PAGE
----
Luigi de la Penne, Antonio Marceglia and Vincenzo Martellotta were the pilots of the two-men torpedo ‘chariots’—or, pigs, as they were called. They slipped through the anti-submarine net defences when they were opened to allow a British destroyer flotilla to enter the harbour.
De la Penne placed his warhead beneath HMS Valiant but a mishap caused him and his diver to be captured. They were brought on board the Valiant. They refused to disclose the purpose of their mission and the charge went off while they were still aboard.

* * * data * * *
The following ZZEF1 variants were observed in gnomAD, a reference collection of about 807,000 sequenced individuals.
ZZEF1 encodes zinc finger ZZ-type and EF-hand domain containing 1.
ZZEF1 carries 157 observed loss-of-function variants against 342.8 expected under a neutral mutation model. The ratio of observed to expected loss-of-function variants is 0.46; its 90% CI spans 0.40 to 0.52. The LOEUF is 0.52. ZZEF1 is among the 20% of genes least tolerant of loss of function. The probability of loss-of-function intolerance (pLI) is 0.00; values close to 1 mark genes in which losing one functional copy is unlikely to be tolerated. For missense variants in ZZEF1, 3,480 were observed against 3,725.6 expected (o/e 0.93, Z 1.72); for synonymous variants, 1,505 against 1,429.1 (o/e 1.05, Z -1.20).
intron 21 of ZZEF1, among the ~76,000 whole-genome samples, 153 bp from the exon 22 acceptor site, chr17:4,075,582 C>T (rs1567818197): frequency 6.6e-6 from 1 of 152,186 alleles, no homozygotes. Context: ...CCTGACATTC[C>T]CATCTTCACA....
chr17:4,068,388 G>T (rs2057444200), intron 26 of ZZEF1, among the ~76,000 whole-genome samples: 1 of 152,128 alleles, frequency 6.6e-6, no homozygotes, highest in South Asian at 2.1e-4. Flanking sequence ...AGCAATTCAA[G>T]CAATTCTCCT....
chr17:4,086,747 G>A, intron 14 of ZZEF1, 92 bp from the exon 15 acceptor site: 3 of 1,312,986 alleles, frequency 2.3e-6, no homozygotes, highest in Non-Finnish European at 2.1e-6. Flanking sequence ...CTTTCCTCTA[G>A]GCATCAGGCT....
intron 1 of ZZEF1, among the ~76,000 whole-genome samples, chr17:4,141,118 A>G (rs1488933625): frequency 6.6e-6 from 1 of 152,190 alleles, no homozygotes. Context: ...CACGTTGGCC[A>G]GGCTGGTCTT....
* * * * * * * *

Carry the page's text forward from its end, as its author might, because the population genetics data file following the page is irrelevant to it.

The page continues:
A similar explosion rocked the Queen Elizabeth, caused by the charge that Marceglia had laid. (Martellotta was similarly successful against his target: the tanker Sagona).The two British battleships sunk in shallow water and, like some of the US battleships in Pearl Harbour, could eventually be refloated. The process would take months.
In the meantime, Sir Andrew Cunningham had only cruisers and destroyers to oppose an Italian fleet which included four battleships.